Alkinoos wishes that the feasting should continue and that Odysseus should continue to ‘feel delight’, as expressed by terpesthai, while he hears at this feast the ‘weaving’ of the aoidē ‘song’ that started with the First Song of Demodokos and that will now connect with the Third Song. In this context, we see the meaning of the noun dais extended from the specific idea of ‘feast’ to the more general idea of a stylized ‘festival’. And the continued weaving of the song, which corresponds to the continuation of the stylized festival, is expressed here by way of the noun humnos, which is attested only here and nowhere else in either the Iliad or the Odyssey. In this unique context at O.08.429, the meaning of humnos can be reconstructed as ‘web’ or ‘connecting by way of fabric work’. In terms of such a reconstructed meaning, the humnos as a ‘web’ connects the First and the Second and the Third Songs of Demodokos and forms a continuum of song that extends throughout Odyssey 8, as if the ongoing dais of this Rhapsody were not only a continued feast but also a sustained festival. This festival makes room for events of athletics as well as songmaking. [[GN 2017.05.19 via HC 2§§93, 274, 276, 280, 290, 291, 302, 303.]]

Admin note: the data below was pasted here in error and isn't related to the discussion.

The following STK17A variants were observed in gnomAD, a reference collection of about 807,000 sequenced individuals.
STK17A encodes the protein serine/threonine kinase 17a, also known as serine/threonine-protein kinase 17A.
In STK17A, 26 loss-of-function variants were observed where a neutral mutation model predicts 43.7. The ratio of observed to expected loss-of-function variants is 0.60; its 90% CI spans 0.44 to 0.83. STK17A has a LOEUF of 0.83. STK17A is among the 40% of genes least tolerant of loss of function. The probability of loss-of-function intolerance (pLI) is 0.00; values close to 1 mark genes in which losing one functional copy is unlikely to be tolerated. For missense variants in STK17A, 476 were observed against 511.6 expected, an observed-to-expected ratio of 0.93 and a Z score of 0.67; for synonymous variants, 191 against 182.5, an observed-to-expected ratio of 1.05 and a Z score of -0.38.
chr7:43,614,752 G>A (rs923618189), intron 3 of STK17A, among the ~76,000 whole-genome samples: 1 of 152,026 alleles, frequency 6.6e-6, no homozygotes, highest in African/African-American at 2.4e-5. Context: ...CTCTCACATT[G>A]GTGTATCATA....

O.08.485–498
Q&T via HPC 93–94
subject heading(s): Third Song of Demodokos; metabainein ‘shift forward’

|485 αὐτὰρ ἐπεὶ πόσιος καὶ ἐδητύος ἐξ ἔρον ἕντο, |486 δὴ τότε Δημόδοκον προσέφη πολύμητις Ὀδυσσεύς· |487 “Δημόδοκ’, ἔξοχα δή σε βροτῶν αἰνίζομ’ ἁπάντων· |488 ἢ σέ γε Μοῦσ’ ἐδίδαξε, Διὸς πάϊς, ἢ σέ γ’ Ἀπόλλων· |489 λίην γὰρ κατὰ κόσμον Ἀχαιῶν οἶτον ἀείδεις, |490 ὅσσ’ ἕρξαν τ’ ἔπαθόν τε καὶ ὅσσ’ ἐμόγησαν Ἀχαιοί, |491 ὥς τέ που ἢ αὐτὸς παρεὼν ἢ ἄλλου ἀκούσας. |492 ἀλλ’ ἄγε δὴ μετάβηθι καὶ ἵππου κόσμον ἄεισον |493 δουρατέου, τὸν ᾿Επειὸς ἐποίησεν σὺν Ἀθήνῃ, |494 ὅν ποτ’ ἐς ἀκρόπολιν δόλον ἤγαγε δῖος Ὀδυσσεὺς |495 ἀνδρῶν ἐμπλήσας, οἳ Ἴλιον ἐξαλάπαξαν. |496 αἴ κεν δή μοι ταῦτα κατὰ μοῖραν καταλέξῃς, |497 αὐτίκα καὶ πᾶσιν μυθήσομαι ἀνθρώποισιν, |498 ὡς ἄρα τοι πρόφρων θεὸς ὤπασε θέσπιν ἀοιδήν.”